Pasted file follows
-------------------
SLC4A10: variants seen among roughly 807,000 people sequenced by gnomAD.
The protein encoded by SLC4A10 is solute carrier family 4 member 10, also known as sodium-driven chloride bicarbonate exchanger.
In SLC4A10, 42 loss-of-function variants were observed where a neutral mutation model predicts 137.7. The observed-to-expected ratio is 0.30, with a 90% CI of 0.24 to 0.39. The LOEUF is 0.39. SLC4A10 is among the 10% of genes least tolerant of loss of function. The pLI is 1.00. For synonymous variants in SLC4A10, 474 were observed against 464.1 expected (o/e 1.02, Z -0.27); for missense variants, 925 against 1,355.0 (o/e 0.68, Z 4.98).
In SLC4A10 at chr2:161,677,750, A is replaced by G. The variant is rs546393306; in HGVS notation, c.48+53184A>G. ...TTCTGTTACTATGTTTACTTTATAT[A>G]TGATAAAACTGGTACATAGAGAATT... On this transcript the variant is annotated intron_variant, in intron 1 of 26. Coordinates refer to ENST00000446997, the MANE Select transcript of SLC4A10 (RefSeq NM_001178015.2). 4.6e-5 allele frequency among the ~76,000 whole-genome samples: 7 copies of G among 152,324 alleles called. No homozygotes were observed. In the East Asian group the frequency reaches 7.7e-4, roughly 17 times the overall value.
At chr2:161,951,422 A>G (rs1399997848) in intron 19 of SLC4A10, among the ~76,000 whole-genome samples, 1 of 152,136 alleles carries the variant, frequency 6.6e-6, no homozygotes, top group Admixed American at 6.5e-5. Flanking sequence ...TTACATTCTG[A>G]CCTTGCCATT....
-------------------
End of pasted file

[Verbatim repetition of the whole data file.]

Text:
SLC4A10: variants seen among roughly 807,000 people sequenced by gnomAD.
The protein encoded by SLC4A10 is solute carrier family 4 member 10, also known as sodium-driven chloride bicarbonate exchanger.
In SLC4A10, 42 loss-of-function variants were observed where a neutral mutation model predicts 137.7. The observed-to-expected ratio is 0.30, with a 90% CI of 0.24 to 0.39. The LOEUF is 0.39. SLC4A10 is among the 10% of genes least tolerant of loss of function. The pLI is 1.00. For synonymous variants in SLC4A10, 474 were observed against 464.1 expected (o/e 1.02, Z -0.27); for missense variants, 925 against 1,355.0 (o/e 0.68, Z 4.98).
In SLC4A10 at chr2:161,677,750, A is replaced by G. The variant is rs546393306; in HGVS notation, c.48+53184A>G. ...TTCTGTTACTATGTTTACTTTATAT[A>G]TGATAAAACTGGTACATAGAGAATT... On this transcript the variant is annotated intron_variant, in intron 1 of 26. Coordinates refer to ENST00000446997, the MANE Select transcript of SLC4A10 (RefSeq NM_001178015.2). 4.6e-5 allele frequency among the ~76,000 whole-genome samples: 7 copies of G among 152,324 alleles called. No homozygotes were observed. In the East Asian group the frequency reaches 7.7e-4, roughly 17 times the overall value.
At chr2:161,951,422 A>G (rs1399997848) in intron 19 of SLC4A10, among the ~76,000 whole-genome samples, 1 of 152,136 alleles carries the variant, frequency 6.6e-6, no homozygotes, top group Admixed American at 6.5e-5. Flanking sequence ...TTACATTCTG[A>G]CCTTGCCATT....